San Francisco is embracing its status as a safe haven for immigrants, at a time when the federal government is targeting them, with a multi-year programme of art and cultural projects. Organised by the San Francisco Arts Commission (SFAC) and the Office of Civic Engagement and Immigrant Affairs, the series Sanctuary City is a “response to President Trump being elected, and more specifically to the policies he has put forward that directly and negatively impact the country’s immigrant (and by association non-immigrant) communities”, says Maysoun Wazwaz, the commission’s manager of public programmes.
The series comes as Trump’s administration is fighting California for blocking state and local police from asking about a person’s immigration status or co-operating with federal immigration officials. San Francisco has had such ordinances since 1989, but California’s governor Jerry Brown signed a state-wide bill last September, which the US Justice Department called “unconstitutional” in a lawsuit filed in US District Court in March.
The projects in Sanctuary City take a pro-immigrant stance. Opening this month is a new commission of street posters from the San Francisco-based artist Rodney Ewing, who recreates coldly bureaucratic fingerprint cards that are painted with blasts of colour denoting national flags and personalised with stories from local immigrants. “With the current administration, I have had to re-evaluate what it means to be American and a patriot,” reads one.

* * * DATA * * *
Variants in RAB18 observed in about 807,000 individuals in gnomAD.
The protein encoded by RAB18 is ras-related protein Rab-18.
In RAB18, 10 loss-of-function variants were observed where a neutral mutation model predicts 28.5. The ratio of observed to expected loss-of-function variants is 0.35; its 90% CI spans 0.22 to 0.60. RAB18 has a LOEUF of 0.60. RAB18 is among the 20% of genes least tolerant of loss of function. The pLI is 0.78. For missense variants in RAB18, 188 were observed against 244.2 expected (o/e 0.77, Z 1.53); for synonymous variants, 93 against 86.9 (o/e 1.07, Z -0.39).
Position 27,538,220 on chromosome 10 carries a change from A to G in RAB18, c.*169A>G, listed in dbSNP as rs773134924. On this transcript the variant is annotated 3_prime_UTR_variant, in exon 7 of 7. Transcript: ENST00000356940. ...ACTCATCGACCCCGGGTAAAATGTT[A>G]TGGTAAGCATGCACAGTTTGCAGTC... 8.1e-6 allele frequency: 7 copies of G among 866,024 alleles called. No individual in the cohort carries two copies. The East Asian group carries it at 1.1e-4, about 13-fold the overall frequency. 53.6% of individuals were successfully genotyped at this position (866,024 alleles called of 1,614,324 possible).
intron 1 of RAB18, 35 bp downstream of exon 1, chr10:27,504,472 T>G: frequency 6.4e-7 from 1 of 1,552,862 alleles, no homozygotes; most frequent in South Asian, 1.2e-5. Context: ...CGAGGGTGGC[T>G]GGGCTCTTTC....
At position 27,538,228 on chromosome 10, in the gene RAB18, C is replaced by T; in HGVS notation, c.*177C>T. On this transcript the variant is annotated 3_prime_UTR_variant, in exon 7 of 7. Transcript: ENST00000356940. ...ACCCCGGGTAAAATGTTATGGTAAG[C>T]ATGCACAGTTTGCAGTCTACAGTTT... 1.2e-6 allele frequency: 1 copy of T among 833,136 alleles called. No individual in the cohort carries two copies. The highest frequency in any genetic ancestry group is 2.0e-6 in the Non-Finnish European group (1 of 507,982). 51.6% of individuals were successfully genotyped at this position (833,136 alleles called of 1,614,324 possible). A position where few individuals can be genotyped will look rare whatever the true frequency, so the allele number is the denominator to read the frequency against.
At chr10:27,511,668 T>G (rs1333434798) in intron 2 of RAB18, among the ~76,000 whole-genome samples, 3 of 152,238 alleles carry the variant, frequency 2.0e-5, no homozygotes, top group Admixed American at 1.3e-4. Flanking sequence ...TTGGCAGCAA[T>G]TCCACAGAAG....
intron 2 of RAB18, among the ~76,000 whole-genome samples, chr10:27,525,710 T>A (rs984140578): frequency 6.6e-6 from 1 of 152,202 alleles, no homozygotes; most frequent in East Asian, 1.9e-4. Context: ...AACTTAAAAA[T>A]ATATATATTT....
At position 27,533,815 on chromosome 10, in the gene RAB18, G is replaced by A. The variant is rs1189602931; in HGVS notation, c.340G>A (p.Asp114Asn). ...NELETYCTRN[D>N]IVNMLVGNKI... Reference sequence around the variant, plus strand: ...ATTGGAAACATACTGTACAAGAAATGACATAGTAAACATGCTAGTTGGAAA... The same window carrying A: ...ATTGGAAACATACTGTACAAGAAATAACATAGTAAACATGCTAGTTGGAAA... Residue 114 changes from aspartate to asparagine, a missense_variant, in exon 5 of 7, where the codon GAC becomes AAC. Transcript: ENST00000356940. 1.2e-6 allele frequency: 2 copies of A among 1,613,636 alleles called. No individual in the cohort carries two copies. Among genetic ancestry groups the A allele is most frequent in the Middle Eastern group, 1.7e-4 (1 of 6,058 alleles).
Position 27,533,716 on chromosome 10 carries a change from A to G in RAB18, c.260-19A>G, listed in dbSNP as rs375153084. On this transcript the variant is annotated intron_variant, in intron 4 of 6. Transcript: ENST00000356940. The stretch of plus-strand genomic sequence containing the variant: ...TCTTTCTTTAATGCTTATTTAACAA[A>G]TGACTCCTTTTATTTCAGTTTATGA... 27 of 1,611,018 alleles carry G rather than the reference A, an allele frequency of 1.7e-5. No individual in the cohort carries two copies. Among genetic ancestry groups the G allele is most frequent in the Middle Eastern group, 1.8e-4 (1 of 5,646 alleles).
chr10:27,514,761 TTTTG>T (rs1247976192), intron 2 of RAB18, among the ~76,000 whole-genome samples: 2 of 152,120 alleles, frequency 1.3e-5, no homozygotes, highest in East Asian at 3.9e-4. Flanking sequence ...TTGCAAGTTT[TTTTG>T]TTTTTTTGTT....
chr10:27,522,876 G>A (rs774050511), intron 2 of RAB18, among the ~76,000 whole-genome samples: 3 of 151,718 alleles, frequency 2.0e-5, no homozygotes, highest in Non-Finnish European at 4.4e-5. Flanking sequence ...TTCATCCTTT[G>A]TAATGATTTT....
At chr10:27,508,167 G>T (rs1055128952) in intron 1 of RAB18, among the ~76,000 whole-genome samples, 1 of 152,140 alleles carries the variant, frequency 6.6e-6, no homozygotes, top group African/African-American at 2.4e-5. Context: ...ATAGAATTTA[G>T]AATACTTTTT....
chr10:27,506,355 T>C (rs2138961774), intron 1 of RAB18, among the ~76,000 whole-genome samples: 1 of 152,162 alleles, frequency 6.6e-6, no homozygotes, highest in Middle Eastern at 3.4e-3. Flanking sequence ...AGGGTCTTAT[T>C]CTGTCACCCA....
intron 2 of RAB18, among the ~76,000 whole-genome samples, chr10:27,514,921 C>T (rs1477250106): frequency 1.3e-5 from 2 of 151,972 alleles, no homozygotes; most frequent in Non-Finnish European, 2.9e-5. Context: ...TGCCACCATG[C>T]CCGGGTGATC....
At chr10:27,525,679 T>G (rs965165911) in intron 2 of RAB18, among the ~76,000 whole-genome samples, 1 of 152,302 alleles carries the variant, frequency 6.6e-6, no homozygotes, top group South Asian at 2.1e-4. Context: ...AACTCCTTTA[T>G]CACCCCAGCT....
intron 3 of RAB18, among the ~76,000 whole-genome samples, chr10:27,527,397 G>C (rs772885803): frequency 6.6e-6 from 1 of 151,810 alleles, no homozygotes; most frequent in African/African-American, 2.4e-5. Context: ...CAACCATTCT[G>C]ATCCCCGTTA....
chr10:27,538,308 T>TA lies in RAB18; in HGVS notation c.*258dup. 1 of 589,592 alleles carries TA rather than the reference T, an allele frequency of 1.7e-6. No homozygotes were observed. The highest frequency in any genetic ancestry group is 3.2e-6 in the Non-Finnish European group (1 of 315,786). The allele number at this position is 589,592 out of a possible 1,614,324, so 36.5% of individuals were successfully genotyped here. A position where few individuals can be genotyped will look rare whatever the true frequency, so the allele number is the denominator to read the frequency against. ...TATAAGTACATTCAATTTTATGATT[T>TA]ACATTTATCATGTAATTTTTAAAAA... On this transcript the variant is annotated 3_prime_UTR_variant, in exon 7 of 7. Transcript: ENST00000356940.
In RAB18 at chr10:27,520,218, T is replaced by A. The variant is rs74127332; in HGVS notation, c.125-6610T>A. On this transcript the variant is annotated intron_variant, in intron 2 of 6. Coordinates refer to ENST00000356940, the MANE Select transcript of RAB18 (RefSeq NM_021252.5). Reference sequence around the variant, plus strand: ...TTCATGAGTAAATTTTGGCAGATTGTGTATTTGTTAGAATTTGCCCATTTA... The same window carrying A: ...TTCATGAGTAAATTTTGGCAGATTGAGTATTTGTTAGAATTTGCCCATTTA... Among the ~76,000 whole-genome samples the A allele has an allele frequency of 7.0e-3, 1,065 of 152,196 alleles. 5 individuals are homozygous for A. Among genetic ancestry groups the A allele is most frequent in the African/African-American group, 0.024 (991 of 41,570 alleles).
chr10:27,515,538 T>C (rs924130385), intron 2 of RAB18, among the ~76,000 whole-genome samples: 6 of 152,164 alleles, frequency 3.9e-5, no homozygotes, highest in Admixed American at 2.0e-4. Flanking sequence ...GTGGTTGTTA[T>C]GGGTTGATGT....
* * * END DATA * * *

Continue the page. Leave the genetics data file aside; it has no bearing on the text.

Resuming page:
On 4 May, the artist duo Chris Treggiari and Sergio de la Torre will station their mobile Sanctuary Print Shop at the corner of Valencia and 24th Street, where they will churn out around 400 posters with the public to cover a nearby wall. Launched in 2007, the shop encourages discussions on policy during the silk-screening process.
Both artists stress that San Francisco’s sanctuary ordinance does not entirely protect the immigrant community. Under the Obama administration, the Bay Area witnessed some 15 raids by Immigration and Customs Enforcement, while the federal agency swept more than 77 businesses in Northern California this February, and more than 20,000 undocumented immigrants were arrested across California in 2017.
“Now, because we have a president who is very vocal about immigration issues, people are suddenly interested in what’s going on with the sanctuary city ordinance,” de la Torre says.